The Michigan Occupational Safety and Health Administration (MIOSHA) recently released a new draft of an ergonomics standard that faces an uncertain ride through the legislative process. Four years in the making, it is designed to reduce occupational risk factors for musculoskeletal disorders (MSDs). The state’s manufacturers and business community oppose it, seeing it as a financial drain in a state already hard hit by the nation’s economic downturn.
Charles Owens, state director of the National Federation of Independent Business/Michigan, told state regulators after the release to go back and "do over" the proposal. His comments came during testimony before a joint meeting of MIOSHA, the General Industry Safety Standards Commission (GISS) and the Occupational Health Standards Commission (OHSC). The standard, as proposed, would make Michigan the only state besides California with an ergonomics standard.
It would require:
• All employees to be given ergonomics training covering occupational risk factors for MSDs, symptoms, and reporting procedures.
• Employers to be responsible for involving employees; assessing risk factors; and eliminating, reducing or controlling ergonomic hazards "where economically and technically feasible."
• Employers with an existing "effective ergonomic program" would be judged to be in prior compliance with the training and assessment/response requirements
In an interview with The Ergonomics Report™ in November 2005, the director of MIOSHA, Doug Kalinowski , explained the standard as a legacy of the failed effort to institute a federal ergonomics standard in 2001. "The OSHA [Occupational Safety and Health Administration] situation raised awareness." He said that after it was killed and rules were eliminated, one of the state’s OSHA commissioners looked at the number of workplace injuries and suggested a standard could make sense for Michigan. The commissioner argued that even minimal rules could have some impact.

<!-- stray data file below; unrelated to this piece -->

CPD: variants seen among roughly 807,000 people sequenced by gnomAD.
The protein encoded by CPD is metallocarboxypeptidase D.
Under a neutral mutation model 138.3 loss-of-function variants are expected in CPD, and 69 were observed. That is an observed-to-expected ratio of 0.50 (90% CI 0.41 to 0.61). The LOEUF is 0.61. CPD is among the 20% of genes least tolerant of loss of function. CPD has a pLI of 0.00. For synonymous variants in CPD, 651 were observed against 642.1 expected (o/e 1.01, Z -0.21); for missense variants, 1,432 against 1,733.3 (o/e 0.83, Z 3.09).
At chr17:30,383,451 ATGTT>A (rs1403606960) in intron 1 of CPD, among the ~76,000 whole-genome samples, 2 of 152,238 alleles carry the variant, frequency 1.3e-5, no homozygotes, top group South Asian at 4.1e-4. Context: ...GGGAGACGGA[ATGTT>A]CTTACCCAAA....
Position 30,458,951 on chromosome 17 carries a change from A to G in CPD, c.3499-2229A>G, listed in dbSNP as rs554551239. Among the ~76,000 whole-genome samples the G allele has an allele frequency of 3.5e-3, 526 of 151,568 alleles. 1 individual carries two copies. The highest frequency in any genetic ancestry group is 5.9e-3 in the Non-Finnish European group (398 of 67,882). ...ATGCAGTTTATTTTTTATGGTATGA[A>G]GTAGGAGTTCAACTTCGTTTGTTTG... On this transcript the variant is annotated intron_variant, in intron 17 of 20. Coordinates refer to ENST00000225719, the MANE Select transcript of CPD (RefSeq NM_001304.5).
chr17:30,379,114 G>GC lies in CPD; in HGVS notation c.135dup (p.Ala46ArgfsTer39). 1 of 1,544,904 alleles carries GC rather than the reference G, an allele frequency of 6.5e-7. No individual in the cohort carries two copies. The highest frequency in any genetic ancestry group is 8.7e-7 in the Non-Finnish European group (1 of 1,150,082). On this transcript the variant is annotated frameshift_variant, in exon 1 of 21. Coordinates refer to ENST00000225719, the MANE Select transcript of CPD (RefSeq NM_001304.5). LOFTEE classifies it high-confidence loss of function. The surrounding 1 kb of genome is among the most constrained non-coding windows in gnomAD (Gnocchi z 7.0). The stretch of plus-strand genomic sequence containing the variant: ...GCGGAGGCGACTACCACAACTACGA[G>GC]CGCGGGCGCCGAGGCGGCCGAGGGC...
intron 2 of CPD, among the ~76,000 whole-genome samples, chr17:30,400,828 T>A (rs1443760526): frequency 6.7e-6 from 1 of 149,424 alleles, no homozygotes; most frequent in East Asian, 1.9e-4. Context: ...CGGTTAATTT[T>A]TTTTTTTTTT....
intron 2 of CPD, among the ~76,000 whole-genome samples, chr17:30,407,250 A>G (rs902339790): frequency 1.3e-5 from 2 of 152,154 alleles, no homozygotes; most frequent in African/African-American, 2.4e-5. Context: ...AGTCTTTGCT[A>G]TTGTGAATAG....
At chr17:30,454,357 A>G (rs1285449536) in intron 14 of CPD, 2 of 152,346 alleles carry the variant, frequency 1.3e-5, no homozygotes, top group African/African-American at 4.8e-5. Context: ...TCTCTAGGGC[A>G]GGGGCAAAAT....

Then Republican Governor John Engler agreed, according to Kalinowski. Two of the state’s original three OSHA standards committees formed a sub group, built the outline for the project and set up the Ergonomics Advisory Committee to come up with appropriate wording for the rules.
In an interview with the Michigan Business Review after the August release of the proposed standard, Kalinowski described it as a significant and contentious issue in the state, “even though [it] is fairly minimal.”
Charles Owens, director of the Michigan chapter of the National Federation of Independent Business,
told the Review that it “will make us uncompetitive with rest of country, and it’s just astounding that they’re contemplating even making this rule mandatory."
Federal OSHA estimates in 2001 put the cost of repetitive-stress injuries on the job at $20 billion annually, or about a third of employers’ total workers’ compensation costs. Standards proposed by federal regulators at that time were estimated to cost employers $5 billion, but those were blocked by congressional action.
Sources: MIOSHA; National Federation of Independent Business; The Ergonomics Report™; Michigan Business Review